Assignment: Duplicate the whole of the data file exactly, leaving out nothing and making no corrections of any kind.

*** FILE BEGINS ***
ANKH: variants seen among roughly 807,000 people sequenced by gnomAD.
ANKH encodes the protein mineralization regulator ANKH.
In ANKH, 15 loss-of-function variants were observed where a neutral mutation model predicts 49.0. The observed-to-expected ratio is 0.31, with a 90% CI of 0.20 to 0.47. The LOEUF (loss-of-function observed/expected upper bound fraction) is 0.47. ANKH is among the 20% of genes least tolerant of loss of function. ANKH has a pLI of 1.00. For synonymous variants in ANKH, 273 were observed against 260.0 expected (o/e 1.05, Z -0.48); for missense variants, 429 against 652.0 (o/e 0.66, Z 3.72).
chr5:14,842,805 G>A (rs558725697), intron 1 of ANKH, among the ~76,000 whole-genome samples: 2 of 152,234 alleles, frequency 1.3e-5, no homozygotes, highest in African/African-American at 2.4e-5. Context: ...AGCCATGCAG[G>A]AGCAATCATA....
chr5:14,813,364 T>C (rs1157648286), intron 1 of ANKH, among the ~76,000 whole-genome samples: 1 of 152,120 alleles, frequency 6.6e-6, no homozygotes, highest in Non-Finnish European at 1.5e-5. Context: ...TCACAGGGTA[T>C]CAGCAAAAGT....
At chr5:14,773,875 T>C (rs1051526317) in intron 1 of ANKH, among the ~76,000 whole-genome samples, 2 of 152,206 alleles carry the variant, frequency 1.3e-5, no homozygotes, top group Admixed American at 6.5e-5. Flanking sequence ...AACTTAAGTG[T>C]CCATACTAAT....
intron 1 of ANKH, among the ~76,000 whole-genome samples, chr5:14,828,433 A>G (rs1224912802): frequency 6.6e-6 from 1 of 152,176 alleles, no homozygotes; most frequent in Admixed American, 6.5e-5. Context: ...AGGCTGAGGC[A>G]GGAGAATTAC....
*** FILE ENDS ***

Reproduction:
ANKH: variants seen among roughly 807,000 people sequenced by gnomAD.
ANKH encodes the protein mineralization regulator ANKH.
In ANKH, 15 loss-of-function variants were observed where a neutral mutation model predicts 49.0. The observed-to-expected ratio is 0.31, with a 90% CI of 0.20 to 0.47. The LOEUF (loss-of-function observed/expected upper bound fraction) is 0.47. ANKH is among the 20% of genes least tolerant of loss of function. ANKH has a pLI of 1.00. For synonymous variants in ANKH, 273 were observed against 260.0 expected (o/e 1.05, Z -0.48); for missense variants, 429 against 652.0 (o/e 0.66, Z 3.72).
chr5:14,842,805 G>A (rs558725697), intron 1 of ANKH, among the ~76,000 whole-genome samples: 2 of 152,234 alleles, frequency 1.3e-5, no homozygotes, highest in African/African-American at 2.4e-5. Context: ...AGCCATGCAG[G>A]AGCAATCATA....
chr5:14,813,364 T>C (rs1157648286), intron 1 of ANKH, among the ~76,000 whole-genome samples: 1 of 152,120 alleles, frequency 6.6e-6, no homozygotes, highest in Non-Finnish European at 1.5e-5. Context: ...TCACAGGGTA[T>C]CAGCAAAAGT....
At chr5:14,773,875 T>C (rs1051526317) in intron 1 of ANKH, among the ~76,000 whole-genome samples, 2 of 152,206 alleles carry the variant, frequency 1.3e-5, no homozygotes, top group Admixed American at 6.5e-5. Flanking sequence ...AACTTAAGTG[T>C]CCATACTAAT....
intron 1 of ANKH, among the ~76,000 whole-genome samples, chr5:14,828,433 A>G (rs1224912802): frequency 6.6e-6 from 1 of 152,176 alleles, no homozygotes; most frequent in Admixed American, 6.5e-5. Context: ...AGGCTGAGGC[A>G]GGAGAATTAC....